June 2006 Film Music CD Reviews

Film Music Editor: Michael McLennan
Managing Editor: Ian Lace
Music Webmaster: Len Mullenger

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De Battre Mon Cúur s'est ArrÍtť (The Beat My Heart Skipped)  
Various Artists with ĎDe Battre mon Cúur síest ArrÍtť Suite pour Cordes, Piano, Percussioní composed, orchestrated and conducted by Alexandre Desplat
Performed by Unnamed Ensemble
  Available on Naive (ND-68527)
Running Times: 45:04, 23:49
Amazon UK   Amazon US

See also:

  • Syriana
  • Birth
  • I havenít seen Jacques Audiardís 2005 film De Battre mon Coeur síest Arrete (The Beat My Heart Skipped), nor the film it was based on, James Tobackís Fingers. Both films concern a low level hood who rediscovers his passion for piano, the character (played by Harvey Keitel in the Toback version and by Romain Duris here) ill-fatedly attempting to mix the conflicting worlds of mob violence and piano performance. It sounds like an interesting idea, and on the strength of this CD Iíll be checking out the recent version at least for sure.

    This is a strange album, coming at regular price but with two discs. The first disc is comprised of forty-five minutes of source cues (and by that I literally mean the music track played in the scene by the character Ė including dialogue), pre-existing pop tracks (a mixture of English and French-language songs), and fresh recordings of piano works by Brahms, Bach and Liszt used in the film. While the classical tracks as performed by Caroline Duris are all worthy, and the pop tracks not exactly bad themselves, this is the kind of disc that would drive most film score collectors mad due to the lack of original score material and the extensive inclusion of dialogue and effects tracks throughout.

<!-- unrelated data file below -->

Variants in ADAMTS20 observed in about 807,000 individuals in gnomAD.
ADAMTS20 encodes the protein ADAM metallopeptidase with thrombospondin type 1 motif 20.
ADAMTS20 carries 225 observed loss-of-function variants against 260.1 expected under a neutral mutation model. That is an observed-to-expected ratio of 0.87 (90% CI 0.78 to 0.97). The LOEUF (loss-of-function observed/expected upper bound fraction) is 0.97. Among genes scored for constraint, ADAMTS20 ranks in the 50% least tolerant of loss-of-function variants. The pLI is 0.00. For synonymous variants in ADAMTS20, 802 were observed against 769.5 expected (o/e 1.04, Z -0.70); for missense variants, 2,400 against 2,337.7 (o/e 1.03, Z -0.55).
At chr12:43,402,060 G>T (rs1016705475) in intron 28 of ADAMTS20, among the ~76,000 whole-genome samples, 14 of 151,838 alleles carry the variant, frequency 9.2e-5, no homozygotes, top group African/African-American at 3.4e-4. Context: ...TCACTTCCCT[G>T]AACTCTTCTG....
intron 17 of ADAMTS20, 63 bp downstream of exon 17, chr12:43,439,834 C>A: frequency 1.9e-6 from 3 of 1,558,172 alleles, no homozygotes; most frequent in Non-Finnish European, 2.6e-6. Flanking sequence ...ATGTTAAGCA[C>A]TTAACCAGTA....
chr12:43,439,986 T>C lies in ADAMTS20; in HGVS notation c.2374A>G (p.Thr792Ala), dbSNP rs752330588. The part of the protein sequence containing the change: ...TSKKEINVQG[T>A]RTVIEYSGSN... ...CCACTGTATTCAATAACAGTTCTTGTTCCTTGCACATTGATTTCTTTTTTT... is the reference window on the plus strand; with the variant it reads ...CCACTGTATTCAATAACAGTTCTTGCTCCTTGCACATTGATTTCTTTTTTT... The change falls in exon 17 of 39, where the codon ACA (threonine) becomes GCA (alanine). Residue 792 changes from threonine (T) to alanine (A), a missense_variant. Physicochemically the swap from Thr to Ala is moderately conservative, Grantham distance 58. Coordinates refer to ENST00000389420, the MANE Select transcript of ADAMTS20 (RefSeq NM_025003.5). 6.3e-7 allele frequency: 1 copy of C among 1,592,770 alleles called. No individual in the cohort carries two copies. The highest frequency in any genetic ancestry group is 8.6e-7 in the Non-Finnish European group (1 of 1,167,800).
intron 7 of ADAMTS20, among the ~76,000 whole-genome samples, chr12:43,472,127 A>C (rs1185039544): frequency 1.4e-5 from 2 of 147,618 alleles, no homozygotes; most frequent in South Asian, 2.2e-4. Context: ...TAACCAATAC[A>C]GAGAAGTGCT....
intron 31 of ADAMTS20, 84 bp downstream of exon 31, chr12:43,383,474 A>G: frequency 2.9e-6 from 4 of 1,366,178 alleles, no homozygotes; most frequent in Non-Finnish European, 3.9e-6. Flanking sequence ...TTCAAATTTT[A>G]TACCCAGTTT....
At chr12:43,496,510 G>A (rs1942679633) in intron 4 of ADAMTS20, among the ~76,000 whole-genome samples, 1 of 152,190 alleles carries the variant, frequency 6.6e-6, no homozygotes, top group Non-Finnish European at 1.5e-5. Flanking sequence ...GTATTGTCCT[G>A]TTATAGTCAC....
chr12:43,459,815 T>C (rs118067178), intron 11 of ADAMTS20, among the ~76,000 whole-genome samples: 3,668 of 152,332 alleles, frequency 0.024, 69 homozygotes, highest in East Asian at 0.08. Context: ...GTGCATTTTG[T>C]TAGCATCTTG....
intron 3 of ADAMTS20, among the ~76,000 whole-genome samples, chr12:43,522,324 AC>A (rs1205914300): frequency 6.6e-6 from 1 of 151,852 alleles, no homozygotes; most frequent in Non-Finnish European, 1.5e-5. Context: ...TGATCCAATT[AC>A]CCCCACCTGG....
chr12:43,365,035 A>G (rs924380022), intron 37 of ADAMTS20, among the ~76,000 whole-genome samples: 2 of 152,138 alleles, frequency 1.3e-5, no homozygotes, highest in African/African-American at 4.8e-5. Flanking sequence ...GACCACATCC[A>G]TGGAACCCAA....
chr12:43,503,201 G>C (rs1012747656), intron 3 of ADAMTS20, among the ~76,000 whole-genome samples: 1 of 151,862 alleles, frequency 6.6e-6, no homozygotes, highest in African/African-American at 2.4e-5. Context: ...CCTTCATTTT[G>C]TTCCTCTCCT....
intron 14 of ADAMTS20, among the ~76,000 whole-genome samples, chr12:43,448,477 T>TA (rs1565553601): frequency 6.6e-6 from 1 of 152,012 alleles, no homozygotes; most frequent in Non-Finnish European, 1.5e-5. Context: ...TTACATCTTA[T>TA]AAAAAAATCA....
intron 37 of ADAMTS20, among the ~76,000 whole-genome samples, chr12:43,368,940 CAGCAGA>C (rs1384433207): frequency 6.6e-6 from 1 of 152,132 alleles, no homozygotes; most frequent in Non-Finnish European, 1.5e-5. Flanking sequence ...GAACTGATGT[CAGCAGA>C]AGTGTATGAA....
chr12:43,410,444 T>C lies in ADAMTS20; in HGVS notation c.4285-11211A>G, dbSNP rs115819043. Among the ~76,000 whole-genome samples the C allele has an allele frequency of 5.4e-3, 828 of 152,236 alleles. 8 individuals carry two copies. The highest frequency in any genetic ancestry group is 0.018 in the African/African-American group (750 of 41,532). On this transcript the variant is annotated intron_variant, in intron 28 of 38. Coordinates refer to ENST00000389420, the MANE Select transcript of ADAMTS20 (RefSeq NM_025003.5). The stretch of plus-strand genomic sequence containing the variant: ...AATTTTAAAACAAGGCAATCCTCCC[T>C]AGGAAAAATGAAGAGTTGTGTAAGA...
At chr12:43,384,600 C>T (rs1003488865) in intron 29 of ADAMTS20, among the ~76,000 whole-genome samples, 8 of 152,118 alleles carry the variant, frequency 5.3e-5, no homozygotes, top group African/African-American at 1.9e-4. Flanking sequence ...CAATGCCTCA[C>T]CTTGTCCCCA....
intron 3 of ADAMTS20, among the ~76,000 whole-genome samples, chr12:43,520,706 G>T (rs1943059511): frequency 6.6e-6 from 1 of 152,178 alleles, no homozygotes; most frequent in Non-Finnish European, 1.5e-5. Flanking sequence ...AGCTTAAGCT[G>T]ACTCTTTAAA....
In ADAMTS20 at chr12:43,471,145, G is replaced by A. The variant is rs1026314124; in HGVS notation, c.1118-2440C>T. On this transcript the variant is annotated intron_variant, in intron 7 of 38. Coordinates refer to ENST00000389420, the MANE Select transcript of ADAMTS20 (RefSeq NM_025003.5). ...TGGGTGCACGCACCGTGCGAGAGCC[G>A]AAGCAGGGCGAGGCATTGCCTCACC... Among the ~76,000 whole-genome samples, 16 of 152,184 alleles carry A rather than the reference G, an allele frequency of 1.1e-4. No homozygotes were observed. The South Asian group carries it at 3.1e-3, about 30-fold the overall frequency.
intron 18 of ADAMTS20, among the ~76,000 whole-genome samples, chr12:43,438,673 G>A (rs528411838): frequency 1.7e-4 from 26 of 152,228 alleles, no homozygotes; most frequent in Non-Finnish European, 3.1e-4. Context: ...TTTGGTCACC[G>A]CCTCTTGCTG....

Itís the second disc that makes this a special release. It contains a single twenty-four minute cue with the entire original score for the film from Jacques Audiardís regular collaborator, Alexandre Desplat. While the conditions sound less than ideal, this one track is one of the best pieces of film music Iíve ever heard, smoothly editing together the score cues to achieve a devastating extended suite for string orchestra, piano and percussion. Itís the epitome of Desplatís blend of minimalist and romantic writing. The opening sets sparse piano chords in high violins, reminiscent of ĎTake the Target Outí from the composerís score for Syriana. Two ideas are presented by piano Ė a seven note theme and a six note one that are the basis for most of the development that follows.

    The tense violin-piano combination is sustained for six minutes, with light percussion adding eerie harmonies to the hypnotic sound. The low strings enter in a short interlude that releases the tension, but tension rises again as the warmer colours of the low strings gather the violins and piano as they go in variations on the basic themes. And the piece develops from there Ė exploring an uplifiting theme, but with subtle dissonances in the high strings signalling fragility. The main ideas become ostinati in the low strings at one point, and later warm major key melodies in the strings. At one point an optimistic melody intervenes, but the darker ideas of the film restore the tension with devastating counterpoint of the two themes, and the piece rounds out with a reprise of the hypnotic opening textures.

    It plays like a single moment, a kind of dream. And I love it. I highly recommend the score cue to fans of Desplatís Birth, Syriana (particularly the more textural-electronic cues) and Christopher Youngís The Tower. Desplatís work here particularly brings to mind the Young score, which it resembles in subtle thematic development, though Desplatís orchestration sustains a more riveting contrast of tone colours throughout. It doesnít open up all its secrets on a single listen, but it is a very accessible score that could survive equally well in a concert hall as it does on disc. Sadly the liner notes by director and composer on NaÔveís release are not so accessible Ė being in French. Iíd love to read their motivations for decisions, and particularly whether there was an intended reference to any of the classical tracks on the first disc, so itís a shame to say the least.

    Itís an odd album overall. The contents of both discs could have fit on one, but since it wouldnít have saved NaÔve any money to release it this way, I can only assume the album producer felt the two very different sides to the music in this film played better in isolation. Iím inclined to agree. A rare work of quality.

    Michael McLennan

    Disc One: 2
    Disc Two: 5

    Review copy donated by reviewer. My thanks to David OíConnell for drawing my attention to this work.

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